GUSTINE - A pair of summer leadership camps have helped a Gustine High senior flourish as he pursues college dreams and a bright future.
Along his journey, Miguel Araiza has overcome obstacles to success and now aspires to the education and career he once thought beyond reach.
A language barrier was among the challenges Araiza faced, one he said pushed him deeply into a personal shell and kept him from taking part in school activities and events.
His participation in the Migrant Student Leadership Institute the past two summers were instrumental in boosting his confidence and allowing him to become more involved on campus.
“I made friends and met new people who have gone through the same things as me. It felt good to know that other people were going through that,” Araiza said of the leadership programs. “I became more confident and grew.”
In his early school years, Araiza struggled - in large part due to his English learner status.
He was born in Los Banos but his family moved to Mexico when he was a baby. He started his schooling in Mexico, but came to Gustine Elementary as a second-grader.
“I was thrown into school without knowing English at all, so I struggled for the first couple of years. I found people who spoke Spanish, and they helped me a lot,” Araiza shared.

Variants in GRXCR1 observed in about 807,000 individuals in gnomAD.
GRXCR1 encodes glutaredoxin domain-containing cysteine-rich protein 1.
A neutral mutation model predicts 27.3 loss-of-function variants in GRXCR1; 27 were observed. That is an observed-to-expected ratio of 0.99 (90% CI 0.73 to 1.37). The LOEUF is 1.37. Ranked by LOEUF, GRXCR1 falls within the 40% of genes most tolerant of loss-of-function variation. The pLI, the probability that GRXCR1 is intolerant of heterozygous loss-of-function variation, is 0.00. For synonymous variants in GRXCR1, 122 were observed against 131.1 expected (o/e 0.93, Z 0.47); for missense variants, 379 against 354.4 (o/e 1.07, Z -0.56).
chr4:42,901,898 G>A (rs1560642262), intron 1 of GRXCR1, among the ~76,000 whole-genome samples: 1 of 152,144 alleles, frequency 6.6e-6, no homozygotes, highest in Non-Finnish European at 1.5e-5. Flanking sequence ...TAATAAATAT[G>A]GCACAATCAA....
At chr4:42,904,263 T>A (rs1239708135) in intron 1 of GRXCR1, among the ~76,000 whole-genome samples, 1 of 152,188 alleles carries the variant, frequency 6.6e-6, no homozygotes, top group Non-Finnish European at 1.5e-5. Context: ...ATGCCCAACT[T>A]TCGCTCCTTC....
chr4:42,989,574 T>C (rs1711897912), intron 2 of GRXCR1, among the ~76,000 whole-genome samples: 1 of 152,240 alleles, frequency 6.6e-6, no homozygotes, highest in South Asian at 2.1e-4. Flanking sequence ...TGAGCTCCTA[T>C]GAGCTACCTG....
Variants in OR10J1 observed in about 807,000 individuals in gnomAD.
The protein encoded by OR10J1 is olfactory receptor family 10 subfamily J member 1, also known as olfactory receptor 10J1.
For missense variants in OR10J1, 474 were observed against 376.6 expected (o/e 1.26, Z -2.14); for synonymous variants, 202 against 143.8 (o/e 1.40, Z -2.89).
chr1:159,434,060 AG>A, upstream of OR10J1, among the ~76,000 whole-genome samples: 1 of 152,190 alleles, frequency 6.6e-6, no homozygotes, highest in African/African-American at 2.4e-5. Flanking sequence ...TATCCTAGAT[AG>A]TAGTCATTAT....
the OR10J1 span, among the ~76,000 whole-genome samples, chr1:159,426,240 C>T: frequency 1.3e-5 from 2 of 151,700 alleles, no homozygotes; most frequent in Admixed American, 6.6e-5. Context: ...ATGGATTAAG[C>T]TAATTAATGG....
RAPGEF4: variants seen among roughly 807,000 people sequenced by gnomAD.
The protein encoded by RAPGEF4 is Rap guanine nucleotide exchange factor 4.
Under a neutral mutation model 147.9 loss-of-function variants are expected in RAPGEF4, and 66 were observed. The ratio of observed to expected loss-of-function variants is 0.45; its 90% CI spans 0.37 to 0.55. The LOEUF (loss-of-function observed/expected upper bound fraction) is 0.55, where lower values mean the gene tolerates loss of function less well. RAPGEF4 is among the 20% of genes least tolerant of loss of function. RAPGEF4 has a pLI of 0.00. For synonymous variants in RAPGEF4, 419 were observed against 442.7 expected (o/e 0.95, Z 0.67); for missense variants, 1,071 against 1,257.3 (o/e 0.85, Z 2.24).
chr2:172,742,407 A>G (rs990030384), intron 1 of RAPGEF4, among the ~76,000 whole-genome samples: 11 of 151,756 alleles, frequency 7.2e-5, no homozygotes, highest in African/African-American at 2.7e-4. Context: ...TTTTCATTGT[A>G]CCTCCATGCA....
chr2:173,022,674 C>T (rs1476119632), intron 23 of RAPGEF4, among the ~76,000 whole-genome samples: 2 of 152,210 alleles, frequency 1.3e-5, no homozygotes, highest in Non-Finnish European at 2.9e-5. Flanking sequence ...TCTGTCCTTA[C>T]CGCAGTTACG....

Araiza said he was in English language development classes until his freshman year.
“My family spoke mostly Spanish, so only in school did I speak English,” he explained.
While he had gained an understanding of English, Araiza said, even at the start of high school he was still reluctant to converse with others.
“I couldn’t really talk well with people I didn’t know. I was pretty much a quiet kid. I liked spending time at home, and the quiet,” he shared.
Today, he has become much more outgoing - which he credits in large part to the leadership institutes. He attended a session at Sacramento State last summer and one at CSU Channel Islands the previous summer.
One of the most striking activities, Araiza said, came when participants were asked to share the most difficult experiences of their lives.
“We talked about the hardest things we have gone through,” he said. “I ended up meeting a lot of new people who went through worse things than I did.
“It changed me,” Araiza reflected. “I became way more active.”
And, he said, “I just get along with anybody. Before it was easier to be around people who have something in common with me.”
Today, Araiza is president of the school’s Gamer’s Club, is a member of the Gustine High color guard and involved in Renaissance.
He is also preparing to attend college, though he has not yet selected a school, and plans to study computer science.
Araiza is involved in the school’s AVID program, which he credits for helping aspire to and prepare for a higher education.
“In junior high, I did not think I would be going to college,” he said.
His parents, Monica and Miguel Araiza, have been an inspiration as well.
His father works the fields and his mother is a seasonal factory worker, Araiza shared, and they have encouraged their children to strive for a better life.
“They have always told me to study and work hard in school. They don’t want me to be in their position,” he reflected. “I want to be able to help my parents eventually....maybe help them better their lives.”